I’m not suggesting that reality television alum Spencer Pratt makes a great role model. But I’m intrigued by his assertion that he and his wife, fellow Hills alum Heidi Montag, ruled out any baby name already taken on social media.
My first thought: how shallow!
My second thought: except that maybe it makes sense. Beyonce and Jay-Z reportedly trademark their children’s names in an attempt to keep others from profiting off their children’s identities. Montag and Pratt rank many levels down in the celebri-sphere, but I can imagine it remains a concern.
Plenty of parents tell me that they reject a name because the Google results bother them. Sometimes they discover an unsavory bearer of the name; other times, they just plain dislike how many people already answer to it. Social media handles fall into the same basic category, right? And we know that more and more families feel the pressure to avoid duplicating names.
On the other hand, a dozen years ago a new dad explained his daughter’s very buttoned-down name to me this way: if she decides to be a pop star, she can choose her own stage name then.
That’s the thing about social media: it’s crowded, with lots of us reserving the same names. There’s no promise social media will function the same way in another twenty years. (After all, Facebook was founded in 2004; Instagram in 2010.)
If you can find a great handle now, maybe there’s no harm in snagging it for your new arrival. But there’s every chance that your child will pursue a different identity in the future. (He’ll dislike his unusual first and prefer his traditional middle, or his vocation – as chef or DJ or neurosurgeon – will alter the name that follows his @.)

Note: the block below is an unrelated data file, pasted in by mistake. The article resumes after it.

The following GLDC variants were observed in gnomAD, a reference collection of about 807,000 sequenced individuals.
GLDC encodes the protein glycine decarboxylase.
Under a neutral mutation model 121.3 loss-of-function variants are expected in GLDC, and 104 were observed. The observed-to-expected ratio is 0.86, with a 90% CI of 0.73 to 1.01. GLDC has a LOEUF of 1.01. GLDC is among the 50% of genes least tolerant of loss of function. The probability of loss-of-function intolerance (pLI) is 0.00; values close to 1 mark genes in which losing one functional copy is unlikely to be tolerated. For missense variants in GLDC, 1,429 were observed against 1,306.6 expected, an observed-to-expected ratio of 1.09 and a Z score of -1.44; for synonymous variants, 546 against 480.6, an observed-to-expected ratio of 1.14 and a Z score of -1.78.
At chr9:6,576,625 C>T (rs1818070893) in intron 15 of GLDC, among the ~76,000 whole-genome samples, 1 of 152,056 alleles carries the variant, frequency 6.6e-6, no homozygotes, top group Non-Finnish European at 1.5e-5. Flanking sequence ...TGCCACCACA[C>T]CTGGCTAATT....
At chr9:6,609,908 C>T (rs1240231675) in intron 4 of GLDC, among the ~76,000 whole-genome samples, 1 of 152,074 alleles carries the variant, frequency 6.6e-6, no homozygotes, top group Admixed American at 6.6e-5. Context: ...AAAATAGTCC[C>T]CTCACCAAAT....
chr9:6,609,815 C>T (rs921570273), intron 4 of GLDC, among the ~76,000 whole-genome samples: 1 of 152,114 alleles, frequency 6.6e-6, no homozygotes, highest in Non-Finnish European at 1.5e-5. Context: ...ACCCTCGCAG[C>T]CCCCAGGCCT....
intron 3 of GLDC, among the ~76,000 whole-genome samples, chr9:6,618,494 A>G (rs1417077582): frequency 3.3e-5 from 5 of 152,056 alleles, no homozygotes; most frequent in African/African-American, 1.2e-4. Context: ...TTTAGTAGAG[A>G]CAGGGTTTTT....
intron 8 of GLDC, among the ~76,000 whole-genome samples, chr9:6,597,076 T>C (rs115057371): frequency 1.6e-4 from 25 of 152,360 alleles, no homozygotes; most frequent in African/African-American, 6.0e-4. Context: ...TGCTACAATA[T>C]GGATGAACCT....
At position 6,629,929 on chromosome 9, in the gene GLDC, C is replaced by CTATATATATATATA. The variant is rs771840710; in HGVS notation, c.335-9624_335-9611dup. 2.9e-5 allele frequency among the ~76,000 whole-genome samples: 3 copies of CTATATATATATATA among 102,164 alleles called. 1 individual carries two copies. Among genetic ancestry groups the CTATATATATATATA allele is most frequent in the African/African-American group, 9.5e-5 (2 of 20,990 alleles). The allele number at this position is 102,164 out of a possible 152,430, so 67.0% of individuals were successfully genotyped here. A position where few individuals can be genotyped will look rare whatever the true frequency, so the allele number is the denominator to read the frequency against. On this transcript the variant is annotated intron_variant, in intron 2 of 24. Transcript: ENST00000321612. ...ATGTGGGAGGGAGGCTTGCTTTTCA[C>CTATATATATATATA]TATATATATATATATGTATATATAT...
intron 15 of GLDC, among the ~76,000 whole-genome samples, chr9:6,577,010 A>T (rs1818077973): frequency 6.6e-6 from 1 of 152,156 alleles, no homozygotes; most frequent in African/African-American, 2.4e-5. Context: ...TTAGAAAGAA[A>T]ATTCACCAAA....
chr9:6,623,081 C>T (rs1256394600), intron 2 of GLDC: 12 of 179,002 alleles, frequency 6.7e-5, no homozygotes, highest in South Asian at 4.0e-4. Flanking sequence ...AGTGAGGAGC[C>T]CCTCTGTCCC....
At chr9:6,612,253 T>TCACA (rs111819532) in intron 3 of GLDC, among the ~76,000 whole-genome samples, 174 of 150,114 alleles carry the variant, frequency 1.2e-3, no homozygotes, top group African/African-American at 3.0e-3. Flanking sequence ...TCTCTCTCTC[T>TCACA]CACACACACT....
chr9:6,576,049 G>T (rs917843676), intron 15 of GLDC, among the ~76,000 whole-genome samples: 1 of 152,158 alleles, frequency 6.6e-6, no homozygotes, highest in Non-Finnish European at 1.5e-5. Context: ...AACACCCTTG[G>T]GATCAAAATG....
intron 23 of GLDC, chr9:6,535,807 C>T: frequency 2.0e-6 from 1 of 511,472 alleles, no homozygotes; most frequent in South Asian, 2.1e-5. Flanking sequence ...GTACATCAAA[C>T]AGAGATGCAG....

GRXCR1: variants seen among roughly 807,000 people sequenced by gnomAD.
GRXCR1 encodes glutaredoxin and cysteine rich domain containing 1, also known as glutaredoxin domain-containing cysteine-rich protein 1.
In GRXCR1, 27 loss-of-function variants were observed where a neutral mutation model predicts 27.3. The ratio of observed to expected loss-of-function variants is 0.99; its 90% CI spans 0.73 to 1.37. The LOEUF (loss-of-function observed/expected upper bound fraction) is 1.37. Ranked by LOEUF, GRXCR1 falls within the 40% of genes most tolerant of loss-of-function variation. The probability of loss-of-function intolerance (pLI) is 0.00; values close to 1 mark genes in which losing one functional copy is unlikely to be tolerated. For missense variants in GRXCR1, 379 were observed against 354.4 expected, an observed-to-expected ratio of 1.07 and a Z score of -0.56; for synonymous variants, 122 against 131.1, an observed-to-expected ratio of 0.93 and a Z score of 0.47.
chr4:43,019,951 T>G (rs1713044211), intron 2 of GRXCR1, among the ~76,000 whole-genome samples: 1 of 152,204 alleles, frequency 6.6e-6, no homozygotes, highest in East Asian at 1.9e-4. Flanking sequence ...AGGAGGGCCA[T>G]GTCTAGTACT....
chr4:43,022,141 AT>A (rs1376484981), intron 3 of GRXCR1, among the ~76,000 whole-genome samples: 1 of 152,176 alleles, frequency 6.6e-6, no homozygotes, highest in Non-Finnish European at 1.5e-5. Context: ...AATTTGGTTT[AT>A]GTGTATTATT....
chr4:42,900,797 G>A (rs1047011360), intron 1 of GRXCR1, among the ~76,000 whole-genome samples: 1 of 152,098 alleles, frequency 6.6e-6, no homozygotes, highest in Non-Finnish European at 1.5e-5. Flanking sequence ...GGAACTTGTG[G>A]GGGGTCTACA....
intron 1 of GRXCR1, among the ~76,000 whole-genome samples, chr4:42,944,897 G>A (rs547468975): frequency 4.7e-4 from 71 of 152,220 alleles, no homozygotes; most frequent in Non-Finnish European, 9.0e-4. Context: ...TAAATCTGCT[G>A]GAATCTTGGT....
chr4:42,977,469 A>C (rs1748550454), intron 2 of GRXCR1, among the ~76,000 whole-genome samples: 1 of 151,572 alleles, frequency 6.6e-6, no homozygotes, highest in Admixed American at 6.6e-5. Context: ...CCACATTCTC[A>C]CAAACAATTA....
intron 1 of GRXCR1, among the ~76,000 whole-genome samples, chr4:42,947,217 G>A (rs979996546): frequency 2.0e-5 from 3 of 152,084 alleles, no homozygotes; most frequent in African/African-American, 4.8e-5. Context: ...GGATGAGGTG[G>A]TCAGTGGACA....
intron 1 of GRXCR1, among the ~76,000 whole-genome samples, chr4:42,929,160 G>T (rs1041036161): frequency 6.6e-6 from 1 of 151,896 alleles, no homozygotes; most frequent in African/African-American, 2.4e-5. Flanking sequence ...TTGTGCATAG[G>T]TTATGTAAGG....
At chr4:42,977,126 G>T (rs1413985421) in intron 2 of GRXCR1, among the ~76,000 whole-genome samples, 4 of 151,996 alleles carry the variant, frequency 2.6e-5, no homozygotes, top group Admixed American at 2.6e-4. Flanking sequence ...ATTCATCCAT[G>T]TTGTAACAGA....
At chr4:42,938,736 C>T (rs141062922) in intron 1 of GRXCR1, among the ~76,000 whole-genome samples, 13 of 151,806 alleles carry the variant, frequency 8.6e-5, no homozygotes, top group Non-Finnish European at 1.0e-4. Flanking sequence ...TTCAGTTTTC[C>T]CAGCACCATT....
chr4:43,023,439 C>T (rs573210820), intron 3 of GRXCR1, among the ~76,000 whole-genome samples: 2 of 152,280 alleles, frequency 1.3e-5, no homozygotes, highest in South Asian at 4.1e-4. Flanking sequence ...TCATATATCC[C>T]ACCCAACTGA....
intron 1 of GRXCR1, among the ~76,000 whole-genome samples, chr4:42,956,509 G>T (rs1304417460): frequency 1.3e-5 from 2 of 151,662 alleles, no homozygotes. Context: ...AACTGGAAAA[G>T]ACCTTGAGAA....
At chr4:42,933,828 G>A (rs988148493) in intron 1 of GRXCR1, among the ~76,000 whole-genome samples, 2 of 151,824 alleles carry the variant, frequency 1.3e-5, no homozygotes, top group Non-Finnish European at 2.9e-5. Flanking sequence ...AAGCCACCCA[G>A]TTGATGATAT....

- Bring back Agnes, Floyd, Maude and more.
- Oh, I am unreasonably eager to hear what they name their next baby.
- It doesn’t work in English, but check out this gem from the Hungarian Top Ten: Boglárka. It means buttercup. Bold botanicals are absolutely everywhere.
- How do you feel about twins sharing the same first initial? I think it can be fine … but I don’t think I would go out of my way to make that kind of choice.
- Proof that a family can name all of their kids with the same initial and make it work: Simon, Sophie, Sadie, and Sebastian.
- What is it about naming multiples that is so fascinating? This Wyoming mom gave birth to quadruplets – two girls and two boys! They were named Adalee, Kian, Kohen, and Allie. I’m still mulling over my choices. Now four daughters? I could probably name four daughters …
- Hmmm … what to do if you give your first child an unusual name, then realize your style is more conventional? Read all about it at Swistle. I agree with many of the comments: there are many different ways to view style, and at least as many to connect siblings’ names.
- Winterbelle – that’s a new smoosh name to me. It reminds me of Winterfell from Game of Thrones, but hey, I think plenty of fictional place names have potential. Also found in that post: Elisete, Ashwin, and Alexandru.
- I love rare name round-ups, like this one!
- Stellar middle name advice from Duana.
- Check out all those Arthurs in the latest edition of British Baby Name birth announcements. Could it be the new Henry?
That’s all for this week. As always, thank you for reading – and have a great week!
I have used Winterbelle as a name for Sims. 🙂 i use a lot of unusual things for names of Sims.
In some ways, Michael and Nicole Phelps’ choice of Boomer is totally understandable. There’s a host of similar nicknames, like Bud and Buster, and the -er ending is popular in surnames like Booker and Brenner.
But my dad calls farts “boomers,” so I can’t help but laugh every time I hear boomer as a name. Try as I might to justify it, Boomer remains an embarrassing bodily function in my mind.